A lot of people need to fig-ure out what to do with their No. 10 Brady Quinn Browns jerseys.
That seemed unimagin-able just months ago.
Quinn was the latest greatest hope to rescue the Browns. National and local media flocked to Berea for his first rookie minicamp practice in 2007, where he stood in shorts and threw to guys whose NFL shelf-life was shorter than Danny DeVito on bended knee.
How the mighty have fallen. Quinn isn’t even a Brown anymore, as he was shipped Sunday to Denver for backup running back Peyton Hillis and two future draft picks. Not much of a haul for a supposed big-time quarterback.
Quinn’s stay in Cleveland lasted less than three full years. If only the production had matched the hype.
The national spotlight was nothing compared with the excitement around Cleveland. The acquisition of Quinn and left tackle Joe Thomas, who was drafted at No. 3, was supposed to signal a turning point for the franchise. The two most important positions on offense had been addressed, and then-general manager Phil Savage’s plan was starting to come together.
Savage was gone two years later, and Quinn a year after that. You’ve got to love it when a plan gets blown up.
Quinn was the NFL’s highest-profile rookie after a career at Notre Dame that earned him weekly televi-sion exposure, enough votes to be a Heisman Trophy finalist and a visit to New York for the draft, where he waited not so patiently for his name to be called and ESPN tried to chronicle every minute. Before he slid down the first round and became available for the Browns at No. 22 after a trade that sent Dallas a second-round pick in 2007 and a first-rounder in 2008, he was already making national commercials.
The Browns front office didn’t view Quinn as the savior, comparing him in the draft room to weak-armed, yet tough and cere-bral Chad Pennington. The fans didn’t have the same restraint. They wanted Quinn to start right away, and when he didn’t, they couldn’t wait for him to get his chance.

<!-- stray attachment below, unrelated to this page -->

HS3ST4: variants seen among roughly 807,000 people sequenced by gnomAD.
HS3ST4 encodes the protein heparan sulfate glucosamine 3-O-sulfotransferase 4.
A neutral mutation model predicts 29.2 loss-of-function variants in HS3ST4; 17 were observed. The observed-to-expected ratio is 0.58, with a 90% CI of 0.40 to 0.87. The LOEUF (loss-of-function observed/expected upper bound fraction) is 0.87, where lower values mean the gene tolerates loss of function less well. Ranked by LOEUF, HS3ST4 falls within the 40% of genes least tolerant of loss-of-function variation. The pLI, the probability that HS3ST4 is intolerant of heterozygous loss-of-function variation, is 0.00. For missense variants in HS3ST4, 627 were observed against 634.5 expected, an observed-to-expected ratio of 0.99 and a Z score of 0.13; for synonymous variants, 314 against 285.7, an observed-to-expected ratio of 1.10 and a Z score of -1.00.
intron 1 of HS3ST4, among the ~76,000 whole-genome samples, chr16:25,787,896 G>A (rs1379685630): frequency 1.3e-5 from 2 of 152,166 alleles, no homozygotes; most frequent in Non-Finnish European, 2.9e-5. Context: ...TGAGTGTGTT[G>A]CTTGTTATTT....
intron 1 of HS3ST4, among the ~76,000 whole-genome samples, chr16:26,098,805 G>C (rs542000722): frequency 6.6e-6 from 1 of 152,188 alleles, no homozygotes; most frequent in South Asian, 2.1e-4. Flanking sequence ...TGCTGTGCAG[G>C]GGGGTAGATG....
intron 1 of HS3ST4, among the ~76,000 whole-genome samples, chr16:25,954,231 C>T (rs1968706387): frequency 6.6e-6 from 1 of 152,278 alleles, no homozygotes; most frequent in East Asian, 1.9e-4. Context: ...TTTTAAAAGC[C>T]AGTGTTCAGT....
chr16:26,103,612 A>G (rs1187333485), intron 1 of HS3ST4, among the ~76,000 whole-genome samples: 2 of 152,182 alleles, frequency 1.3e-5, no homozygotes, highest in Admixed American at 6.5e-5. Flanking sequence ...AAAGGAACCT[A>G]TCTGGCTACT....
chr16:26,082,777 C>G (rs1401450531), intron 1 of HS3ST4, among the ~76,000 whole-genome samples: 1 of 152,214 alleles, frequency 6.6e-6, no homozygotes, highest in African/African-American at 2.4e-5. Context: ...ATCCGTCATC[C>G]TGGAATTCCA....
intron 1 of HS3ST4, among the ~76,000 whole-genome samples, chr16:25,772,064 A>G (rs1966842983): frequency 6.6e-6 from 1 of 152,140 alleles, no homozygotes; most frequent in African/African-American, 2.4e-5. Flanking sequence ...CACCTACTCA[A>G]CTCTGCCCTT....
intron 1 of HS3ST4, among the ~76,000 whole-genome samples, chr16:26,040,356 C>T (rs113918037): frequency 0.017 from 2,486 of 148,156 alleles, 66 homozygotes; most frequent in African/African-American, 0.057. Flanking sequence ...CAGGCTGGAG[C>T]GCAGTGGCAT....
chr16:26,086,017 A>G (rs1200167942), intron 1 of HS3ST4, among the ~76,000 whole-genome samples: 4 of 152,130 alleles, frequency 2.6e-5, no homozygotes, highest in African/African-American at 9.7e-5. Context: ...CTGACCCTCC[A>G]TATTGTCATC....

Quinn wasn’t the No. 1 overall selection or first pick of the expansion franchise, but he ranks right below Tim Couch on the bust meter. Neither proved to be the answer at the most pivotal position.
The Quinn lovers —and there are a lot —will point to his lack of playing time. They have a point.
Quinn didn’t see any real action until midway through his second season. He looked good enough in three starts before getting injured that then-coach Romeo Crennel named him the starter for 2009.
Crennel was fired and didn’t get to make that decision, but Quinn beat out Derek Anderson in a less-than-inspiring preseason competition. Quinn finally had the starting job and the opportunity to show what all the fuss was about.
He was back on the bench 10 quarters later.
The Browns were on their way to an 0-3 start, the of-fense’s only touchdown was in garbage time and Quinn failed to take advantage of plays the coaching staff believed were there to be made. He returned to the field later in the year after Anderson was even worse, but the best thing that can be said about Quinn is he did a good job managing the no-huddle offense.
He finished his stint in Cleveland with a 52.1 completion percentage, 10 touchdowns, nine intercep-tions and a 66.8 rating. He went 3-9 as the starter.
But are 12 starts enough to fairly judge him a bust? President Mike Holmgren, general manager Tom Heckert and coach Eric Mangini shouted, “Yes!” with the trade.
They’re willing to turn over the position to a 35-year-old coming off a brutal year (Jake Delhomme), a career backup who’s 5-foot-11 (Seneca Wallace) and whatever rookie follows in the draft. That’s clearly an indictment of Quinn’s talent and potential.
Quinn was never the biggest, most athletic or best thrower —he was the most chiseled —but was supposed to make up for any deficiencies with all his intangibles. No one inside the Browns organization ever questioned his work ethic, but he never became the leader that most top quarterbacks are.
He might’ve tried too hard to command the huddle, or lost a popularity contest to the laidback Anderson, but it always seemed like half the team didn’t like Quinn or didn’t think he should be playing.
Quinn and Anderson were opposites throughout their tenures, and it didn’t stop in their departing words. Anderson said the fans don’t deserve a winner, while Quinn thanked them for their support. They sure loved him, but that can be a curse.
Bernie Kosar ruined it for every little boy who sleeps in Browns pajamas and dreams of playing on the lakefront. Charlie Frye was an Ohio kid who wanted to be Kosar. So was Quinn.
The fans bite hard on the sentiment, then are even more disappointed when the Buckeye goes bust. The fan reaction to the Quinn trade will be interesting. Holm-gren is the real hope for the future, and he put himself in the line of fire.
The fear that will keep Cleveland fans up at night is that Quinn lives up to the hype elsewhere. That he goes to Denver and beats Cleveland on the way to the Super Bowl.
That could happen. He’s only 25 years old and could use the change of scenery.
But after watching Quinn for three years, I wouldn’t worry too much about it.
Contact Scott Petrak at (440) 329-7253 or firstname.lastname@example.org.